The AINO Tablets of Latvia

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Stig Viksne and tablet #15 at Estonian fair in 1932 THE DISCOVERY OF THE AINO TABLETS.
In 1922 on a Latvian farmstead south of the town of Liepaja, a remarkable discovery was made by a local farmhand. While plowing a field, Istvan Kogalniceanu discovered several flat stones under the dirt and he dug them up. What he discovered were 207 stone tablets upon which were carved strange characters which he could not read. The stones all appeared to have been cut from one larger rock. Kogalniceanu carted the tablets into a storage shed where they were eventually forgotten. A few years later, the owner of the farm, Stig Viksne, used the stones for a fence along the perimeter of his property. Word of the tablets eventually made it to Riga and the newly renamed University of Latvia (formerly the Latvian Higher Education School).

Around 1927 or 1928, the tablets were shipped to the university where undergraduates transcribed all of the runes on the stones and began the arduous task at deciphering them. The runes were similar in fashion to Norse runes, but it was determined that the language that the tablets were written in was not related. Few breakthroughs were made at deciphering the stones, and Viksne eventually retrieved the tablets before the stones were to be shipped to Moscow.

Viksne's stones gained some interest locally and he displayed them at a fair in neighboring Estonia in 1932 (conflicting accounts place the fair at Sauga or Parnu-Jaagupi, both near the city of Parnu). Viksne died in 1934 and the stones were soon forgotten, sitting crated in the storage shed on his farm. The farm changed hands and its new owner, Agris Mickus, soon discovered the stones in the shed. Despite the fact that Latvian farmers were enamored by Karlis Ulmanis and his new totalitarian regime, Mickus decided to immigrate to the United States. He became a U.S. citizen in 1940 just weeks before Soviet occupation of Latvia on June 17, 1940. Unfortunately Mickus had not placed much importance on the crates of tablets in the farm shed, and he did not have them shipped to the U.S.

After World War II broke out, the tablets once again served the purpose for a stone wall on the farm. Little information has been found about what transpired on the farmstead between 1940 and 1951, but Agris Mickus, who had spoken of the stones to associates in the U.S. decided to try to reclaim the tablets. He was unsuccessful as the shed had been razed and the stones were missing; however, Mickus was able to retrieve the written transcriptions of the stones that had been made in the late 20s at the University of Latvia.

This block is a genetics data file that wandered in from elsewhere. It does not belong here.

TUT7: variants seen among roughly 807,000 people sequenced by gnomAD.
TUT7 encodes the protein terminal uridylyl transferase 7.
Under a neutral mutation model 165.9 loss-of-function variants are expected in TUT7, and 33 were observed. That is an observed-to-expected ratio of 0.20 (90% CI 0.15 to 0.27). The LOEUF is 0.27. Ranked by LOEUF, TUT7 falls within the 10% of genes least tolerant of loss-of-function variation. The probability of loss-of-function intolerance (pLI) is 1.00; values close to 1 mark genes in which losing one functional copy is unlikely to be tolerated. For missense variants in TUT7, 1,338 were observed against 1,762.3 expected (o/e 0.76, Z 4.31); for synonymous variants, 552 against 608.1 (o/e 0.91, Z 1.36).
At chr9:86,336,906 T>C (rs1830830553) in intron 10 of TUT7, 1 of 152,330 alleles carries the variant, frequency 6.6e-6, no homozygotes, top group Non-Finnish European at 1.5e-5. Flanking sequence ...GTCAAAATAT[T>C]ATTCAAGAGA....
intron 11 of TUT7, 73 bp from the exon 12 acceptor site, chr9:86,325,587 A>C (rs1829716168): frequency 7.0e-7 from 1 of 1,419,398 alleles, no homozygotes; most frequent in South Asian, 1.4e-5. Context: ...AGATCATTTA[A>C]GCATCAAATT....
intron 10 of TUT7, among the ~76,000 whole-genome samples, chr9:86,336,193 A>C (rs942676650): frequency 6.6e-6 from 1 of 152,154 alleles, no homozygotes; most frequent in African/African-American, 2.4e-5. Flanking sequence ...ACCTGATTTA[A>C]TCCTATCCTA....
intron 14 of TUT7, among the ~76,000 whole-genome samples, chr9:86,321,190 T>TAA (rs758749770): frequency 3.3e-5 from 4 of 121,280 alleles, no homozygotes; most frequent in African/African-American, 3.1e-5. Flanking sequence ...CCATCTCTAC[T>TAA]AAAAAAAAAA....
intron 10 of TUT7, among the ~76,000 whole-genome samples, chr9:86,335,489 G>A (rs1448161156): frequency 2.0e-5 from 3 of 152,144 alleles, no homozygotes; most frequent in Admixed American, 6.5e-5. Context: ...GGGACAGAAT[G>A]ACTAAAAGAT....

Mickus, who had no training in translating languages, had no more success than the students of the University of Latvia had at deciphering the runes. Eventually he forgot about the stones and the transcripts. Agris Mickus died 1952 at age 73 on his farm in central Missouri. The same month, the stones in Latvia had been recovered. Once again they had found themselves as part of a stone wall separating fields on the farm. The tablets were boxed up and shipped to the U.S. and put in storage with the rest of Mickus's belongings. Having no children or heirs, the tablets sat in storage in Columbia, Missouri for almost half a century.



Latvian farmstead near where the tablets were unearthed NEW DISCOVERY OF AN ANCIENT CULTURE IN EUROPE?
In August of 1998, the estate of Mickus was sold to the general public, and a Thomas A. Lack purchased all of the Latvian tablets. The transcript of the stone's runes, however, had found their way into the possession of a former neighbor of Mickus. Tracking down the stones and the transcript was a student of archaeology, Alan Trupnow, who had heard about the stones during an expedition in Estonia. Trupnow attempted to view the tablets that now were owned by Lack, but the young college student was turned away. Trupnow bought the transcript from Mickus's neighbor for twenty dollars and a cheap watch.

Trupnow, although an avid language buff, was not formally trained in translating or deciphering. However, by early the next year, Trupnow had singlehandedly deciphered the entire alphabet of runes from the tablets, and had made considerable progress translating the text. Once the translation of the first two tablets was complete in February of 2000, Trupnow once again sought out Mr. Lack in hopes of examining the stones. For after Trupnow saw what the tablets meant, he was determined to prove that they were a hoax. Lack was not to be found, nor the stones, and Trupnow failed to relocate the man who had purchased the tablets.

Trupnow decided that if the tablets were authentic, he had stumbled upon perhaps one of the greatest archeological discoveries of Europe. If it was a hoax, he was still intrigued at its purpose. Why would anybody painstakingly carve 207 tablets in an unknown alphabet and language describing a diverse mythology of an up-to-now unheard of culture in northern Europe?


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